On Sept. 18, 2020, I stood in an aisle of Target, holding two cans of Enlightenmint Yerba Mate and cried. Not because they were out of Bluephoria, but because I just learned of the passing of Justice Ruth Bader Ginsburg. She was a legend amongst feminists, and an advocate for reproductive rights and the fight for gender and sexual equality.
As a young woman, I mourned for the loss of a woman who spent her entire career advocating for issues that directly affected me until her last breath.
The sorrow was short lived, as I was overcome with the urge to scream in the middle of Target after learning that President Donald J. Trump and Senate Majority Leader Mitch McConnell already announced their plans to replace her seat on the Supreme Court.
According to RBG’s granddaughter, Clara Spera, her final wish was for her Supreme Court seat to not be filled until after the election. After the passing of Justice Antoni Scalia nine months before the 2016 election, Mitch McConnell asserted that a seat should not be filled during an election year.
However, this new opening in the Supreme Court, less than two months before the 2020 election, has caused McConnell to have a change in heart. He is now openly advocating for Amy Coney Barrett’s confirmation and hearings began Oct. 12, less than a month before the election. After Barrett’s confirmation hearing, the Senate will vote to confirm the nominee.
Given that the Senate majority currently belongs to the Republican party, it’s extremely likely that Barrett will be confirmed.
This timeline is even more troubling given the nature of this election. Many voters are electing to vote by mail and have already voted. McConell had previously opposed Supreme Court confirmations during an election cycle.
We are in the middle of an election, and this COVID-19-ridden process is being rushed as a last-ditch effort by the Trump administration to leave his skid mark on his time in office.
The only logical thing to do in that moment was go on a Twitter rant, buy ice cream and Google available apartments in Canada. Then I cried a bit more. Finally, I began researching Trump’s pick for RBG’s replacement: Judge Amy Coney Barrett of the Seventh Circuit Court of Appeals.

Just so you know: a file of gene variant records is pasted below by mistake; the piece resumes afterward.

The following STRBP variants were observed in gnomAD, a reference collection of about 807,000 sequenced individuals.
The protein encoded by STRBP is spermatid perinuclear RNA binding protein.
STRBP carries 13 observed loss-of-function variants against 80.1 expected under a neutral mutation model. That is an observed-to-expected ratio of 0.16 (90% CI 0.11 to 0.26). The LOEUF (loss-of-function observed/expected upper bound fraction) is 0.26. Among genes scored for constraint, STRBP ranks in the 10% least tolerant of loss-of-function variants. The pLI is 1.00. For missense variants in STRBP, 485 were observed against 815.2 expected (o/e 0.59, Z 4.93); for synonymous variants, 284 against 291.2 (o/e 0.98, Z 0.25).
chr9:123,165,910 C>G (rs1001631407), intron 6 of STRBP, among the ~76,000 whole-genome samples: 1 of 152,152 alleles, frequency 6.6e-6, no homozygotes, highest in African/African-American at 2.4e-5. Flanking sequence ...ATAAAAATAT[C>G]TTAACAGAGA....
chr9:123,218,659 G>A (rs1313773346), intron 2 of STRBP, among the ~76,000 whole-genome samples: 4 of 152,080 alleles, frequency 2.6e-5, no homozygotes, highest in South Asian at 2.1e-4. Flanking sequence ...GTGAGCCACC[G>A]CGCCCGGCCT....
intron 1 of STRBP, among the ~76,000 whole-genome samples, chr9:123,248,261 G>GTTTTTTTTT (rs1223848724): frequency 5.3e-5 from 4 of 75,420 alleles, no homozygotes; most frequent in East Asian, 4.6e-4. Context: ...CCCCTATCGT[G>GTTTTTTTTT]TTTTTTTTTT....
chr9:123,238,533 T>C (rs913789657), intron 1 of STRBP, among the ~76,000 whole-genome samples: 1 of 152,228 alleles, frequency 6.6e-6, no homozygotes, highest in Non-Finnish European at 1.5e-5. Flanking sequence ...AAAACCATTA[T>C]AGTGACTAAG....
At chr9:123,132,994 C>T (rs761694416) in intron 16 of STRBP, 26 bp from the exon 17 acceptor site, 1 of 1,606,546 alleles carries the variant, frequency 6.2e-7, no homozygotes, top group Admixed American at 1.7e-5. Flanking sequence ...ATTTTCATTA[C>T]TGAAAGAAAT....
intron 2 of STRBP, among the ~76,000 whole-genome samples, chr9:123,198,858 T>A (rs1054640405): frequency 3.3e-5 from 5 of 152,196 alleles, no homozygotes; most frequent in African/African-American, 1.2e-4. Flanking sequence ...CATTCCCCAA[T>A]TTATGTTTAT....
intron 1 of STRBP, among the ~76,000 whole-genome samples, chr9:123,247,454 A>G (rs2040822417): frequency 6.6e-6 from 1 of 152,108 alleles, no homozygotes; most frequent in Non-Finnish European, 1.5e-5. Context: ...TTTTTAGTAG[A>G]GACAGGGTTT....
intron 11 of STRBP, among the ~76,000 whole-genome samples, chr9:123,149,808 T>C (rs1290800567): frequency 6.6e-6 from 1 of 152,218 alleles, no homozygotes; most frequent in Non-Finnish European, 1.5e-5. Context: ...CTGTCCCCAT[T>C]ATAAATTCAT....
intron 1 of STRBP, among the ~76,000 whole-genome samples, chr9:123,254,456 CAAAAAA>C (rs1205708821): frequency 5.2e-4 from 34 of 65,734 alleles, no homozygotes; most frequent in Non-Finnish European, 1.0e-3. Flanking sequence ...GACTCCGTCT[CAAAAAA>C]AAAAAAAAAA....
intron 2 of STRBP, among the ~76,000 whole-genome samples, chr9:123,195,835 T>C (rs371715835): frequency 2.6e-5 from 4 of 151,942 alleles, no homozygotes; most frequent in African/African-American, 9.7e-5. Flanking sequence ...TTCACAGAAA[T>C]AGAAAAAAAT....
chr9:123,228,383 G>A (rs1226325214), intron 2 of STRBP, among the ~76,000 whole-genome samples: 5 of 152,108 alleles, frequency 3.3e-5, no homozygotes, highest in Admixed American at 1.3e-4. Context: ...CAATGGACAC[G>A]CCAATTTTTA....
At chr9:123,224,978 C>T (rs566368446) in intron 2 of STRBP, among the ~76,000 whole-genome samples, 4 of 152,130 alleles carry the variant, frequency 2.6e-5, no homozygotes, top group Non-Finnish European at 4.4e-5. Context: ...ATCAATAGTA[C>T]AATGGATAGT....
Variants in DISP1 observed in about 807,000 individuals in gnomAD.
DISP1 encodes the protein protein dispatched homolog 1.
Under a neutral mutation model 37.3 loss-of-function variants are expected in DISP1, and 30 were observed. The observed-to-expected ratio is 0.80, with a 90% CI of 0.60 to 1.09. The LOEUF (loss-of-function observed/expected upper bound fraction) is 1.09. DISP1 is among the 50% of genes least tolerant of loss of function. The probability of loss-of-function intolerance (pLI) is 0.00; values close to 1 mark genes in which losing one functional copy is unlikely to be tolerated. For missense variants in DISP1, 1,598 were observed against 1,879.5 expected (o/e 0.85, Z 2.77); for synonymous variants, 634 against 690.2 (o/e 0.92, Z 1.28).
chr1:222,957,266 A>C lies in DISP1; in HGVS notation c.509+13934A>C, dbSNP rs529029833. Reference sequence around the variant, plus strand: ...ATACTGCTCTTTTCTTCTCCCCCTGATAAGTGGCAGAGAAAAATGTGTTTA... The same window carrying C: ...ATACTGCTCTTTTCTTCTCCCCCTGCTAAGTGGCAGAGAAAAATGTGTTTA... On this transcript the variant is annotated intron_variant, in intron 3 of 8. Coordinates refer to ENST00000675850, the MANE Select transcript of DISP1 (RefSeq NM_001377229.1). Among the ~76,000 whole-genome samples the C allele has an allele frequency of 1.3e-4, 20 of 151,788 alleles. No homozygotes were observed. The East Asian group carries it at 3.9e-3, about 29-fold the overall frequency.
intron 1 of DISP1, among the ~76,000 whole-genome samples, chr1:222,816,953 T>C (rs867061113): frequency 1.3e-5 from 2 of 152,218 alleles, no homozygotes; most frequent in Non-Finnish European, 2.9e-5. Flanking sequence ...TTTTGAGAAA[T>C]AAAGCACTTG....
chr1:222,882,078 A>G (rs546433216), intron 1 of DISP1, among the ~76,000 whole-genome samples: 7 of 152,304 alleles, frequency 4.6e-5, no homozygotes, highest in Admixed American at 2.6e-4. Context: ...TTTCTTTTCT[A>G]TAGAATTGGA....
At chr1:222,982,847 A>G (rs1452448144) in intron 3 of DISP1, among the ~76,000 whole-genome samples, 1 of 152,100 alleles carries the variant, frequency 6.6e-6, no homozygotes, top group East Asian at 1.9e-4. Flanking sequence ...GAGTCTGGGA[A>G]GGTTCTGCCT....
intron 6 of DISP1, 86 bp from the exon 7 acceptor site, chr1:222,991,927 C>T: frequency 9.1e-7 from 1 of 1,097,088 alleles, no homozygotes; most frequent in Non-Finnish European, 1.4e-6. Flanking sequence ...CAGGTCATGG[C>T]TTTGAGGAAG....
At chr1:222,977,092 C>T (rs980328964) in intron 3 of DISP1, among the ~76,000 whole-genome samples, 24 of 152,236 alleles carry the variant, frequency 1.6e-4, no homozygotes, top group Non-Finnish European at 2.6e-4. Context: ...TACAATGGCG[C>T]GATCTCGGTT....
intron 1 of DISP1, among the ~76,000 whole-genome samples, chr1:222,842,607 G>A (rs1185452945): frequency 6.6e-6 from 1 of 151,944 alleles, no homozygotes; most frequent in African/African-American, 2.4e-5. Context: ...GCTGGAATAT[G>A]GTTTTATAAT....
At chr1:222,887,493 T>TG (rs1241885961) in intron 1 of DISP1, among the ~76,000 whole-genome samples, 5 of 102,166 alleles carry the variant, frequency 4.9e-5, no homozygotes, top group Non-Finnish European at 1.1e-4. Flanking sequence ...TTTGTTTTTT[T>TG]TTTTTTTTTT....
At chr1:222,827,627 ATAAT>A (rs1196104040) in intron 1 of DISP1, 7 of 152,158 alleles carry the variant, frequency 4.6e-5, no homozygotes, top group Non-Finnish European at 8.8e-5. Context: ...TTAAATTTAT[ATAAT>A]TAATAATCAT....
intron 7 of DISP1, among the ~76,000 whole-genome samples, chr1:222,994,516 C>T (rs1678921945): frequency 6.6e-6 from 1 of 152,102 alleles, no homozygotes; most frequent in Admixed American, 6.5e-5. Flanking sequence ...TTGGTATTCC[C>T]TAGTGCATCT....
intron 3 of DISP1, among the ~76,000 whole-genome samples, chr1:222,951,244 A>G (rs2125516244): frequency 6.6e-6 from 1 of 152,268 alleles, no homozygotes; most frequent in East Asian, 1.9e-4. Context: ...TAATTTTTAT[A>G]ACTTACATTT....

The 48-year-old professor at Notre Dame Law School was nominated to fill RBG’s seat on Sept. 26.
My contempt for this pick differs from my beer-flavored contempt for Trump’s nomination of Justice Brett Kavanaugh.
Barrett is a graduate of Rhodes University, where she was a magna cum laude scholar. Following her undergraduate education, she pursued higher education in the form of a Juris Doctor summa cum laude from Notre Dame, where she graduated at the top of her class and would later serve as a professor of law.
As much as I disapprove of the ACB nomination and fear my rights, as a woman, I think the attacks on her intellect are unjust. Her academic accolades prove that she is intellectually superior to any of Trump’s alternate picks, and she has the appropriate temperament and experience to occupy a seat on the Supreme Court.
On top of that, she loves Kate Chopin, Pinterest and chocolate. On paper, she seems qualified. However, her ideals and judicial philosophy lead me to yearn for puddles of quicksand.